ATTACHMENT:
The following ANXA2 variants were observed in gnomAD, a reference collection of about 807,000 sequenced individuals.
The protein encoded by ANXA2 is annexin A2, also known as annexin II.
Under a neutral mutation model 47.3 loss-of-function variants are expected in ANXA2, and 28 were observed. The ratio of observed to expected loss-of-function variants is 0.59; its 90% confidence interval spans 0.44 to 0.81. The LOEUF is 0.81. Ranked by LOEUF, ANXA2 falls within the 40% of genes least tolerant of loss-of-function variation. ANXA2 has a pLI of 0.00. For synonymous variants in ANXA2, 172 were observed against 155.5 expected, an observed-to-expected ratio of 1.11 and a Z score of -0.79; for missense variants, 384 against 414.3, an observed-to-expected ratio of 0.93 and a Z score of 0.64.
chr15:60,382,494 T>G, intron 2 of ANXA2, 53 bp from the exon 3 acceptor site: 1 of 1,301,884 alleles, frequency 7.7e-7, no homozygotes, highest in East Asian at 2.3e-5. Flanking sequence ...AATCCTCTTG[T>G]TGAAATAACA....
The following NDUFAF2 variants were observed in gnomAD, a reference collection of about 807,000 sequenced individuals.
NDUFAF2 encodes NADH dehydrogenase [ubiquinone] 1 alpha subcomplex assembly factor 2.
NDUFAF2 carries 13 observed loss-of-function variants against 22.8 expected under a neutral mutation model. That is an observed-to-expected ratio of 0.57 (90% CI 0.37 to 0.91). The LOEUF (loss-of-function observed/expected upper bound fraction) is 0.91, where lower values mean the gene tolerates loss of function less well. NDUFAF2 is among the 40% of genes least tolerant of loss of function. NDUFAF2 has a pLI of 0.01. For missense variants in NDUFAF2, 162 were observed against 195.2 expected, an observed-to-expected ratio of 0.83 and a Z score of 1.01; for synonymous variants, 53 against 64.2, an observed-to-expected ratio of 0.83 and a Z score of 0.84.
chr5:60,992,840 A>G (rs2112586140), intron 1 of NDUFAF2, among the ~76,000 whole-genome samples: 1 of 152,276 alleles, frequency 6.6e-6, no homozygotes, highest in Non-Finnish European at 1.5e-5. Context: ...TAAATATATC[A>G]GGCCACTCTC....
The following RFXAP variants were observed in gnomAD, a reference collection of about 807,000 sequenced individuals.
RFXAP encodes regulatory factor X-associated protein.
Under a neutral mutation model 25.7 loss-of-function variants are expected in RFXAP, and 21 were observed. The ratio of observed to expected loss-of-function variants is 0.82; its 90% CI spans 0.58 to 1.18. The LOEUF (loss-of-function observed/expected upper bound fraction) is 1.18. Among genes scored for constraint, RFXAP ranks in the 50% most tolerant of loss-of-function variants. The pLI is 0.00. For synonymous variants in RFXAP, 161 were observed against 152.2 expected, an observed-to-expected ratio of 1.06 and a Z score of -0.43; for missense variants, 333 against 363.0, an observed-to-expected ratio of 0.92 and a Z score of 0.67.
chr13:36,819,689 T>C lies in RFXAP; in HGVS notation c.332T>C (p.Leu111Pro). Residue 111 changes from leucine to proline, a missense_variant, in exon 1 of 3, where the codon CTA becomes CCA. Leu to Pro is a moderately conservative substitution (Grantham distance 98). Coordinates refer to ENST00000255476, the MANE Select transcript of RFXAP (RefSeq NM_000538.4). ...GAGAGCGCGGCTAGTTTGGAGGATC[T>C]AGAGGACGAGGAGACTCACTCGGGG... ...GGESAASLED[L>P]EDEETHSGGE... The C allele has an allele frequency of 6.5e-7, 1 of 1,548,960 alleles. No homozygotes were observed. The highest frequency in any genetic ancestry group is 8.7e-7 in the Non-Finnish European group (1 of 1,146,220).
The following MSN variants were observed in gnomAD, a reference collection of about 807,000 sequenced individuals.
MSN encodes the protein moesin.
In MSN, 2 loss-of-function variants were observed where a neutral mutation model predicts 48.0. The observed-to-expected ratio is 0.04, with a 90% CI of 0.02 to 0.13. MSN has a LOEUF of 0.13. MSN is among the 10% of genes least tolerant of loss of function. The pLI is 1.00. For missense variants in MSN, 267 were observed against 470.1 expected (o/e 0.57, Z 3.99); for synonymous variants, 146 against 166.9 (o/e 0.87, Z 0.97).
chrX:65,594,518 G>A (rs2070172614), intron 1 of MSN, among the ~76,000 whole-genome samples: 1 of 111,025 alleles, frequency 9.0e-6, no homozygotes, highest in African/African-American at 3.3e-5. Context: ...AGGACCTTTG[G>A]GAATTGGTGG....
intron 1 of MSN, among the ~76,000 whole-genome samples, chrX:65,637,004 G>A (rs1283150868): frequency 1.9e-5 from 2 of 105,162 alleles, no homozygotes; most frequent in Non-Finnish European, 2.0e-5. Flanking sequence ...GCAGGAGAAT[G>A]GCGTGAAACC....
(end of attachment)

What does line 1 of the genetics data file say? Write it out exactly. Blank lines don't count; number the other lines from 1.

The following ANXA2 variants were observed in gnomAD, a reference collection of about 807,000 sequenced individuals.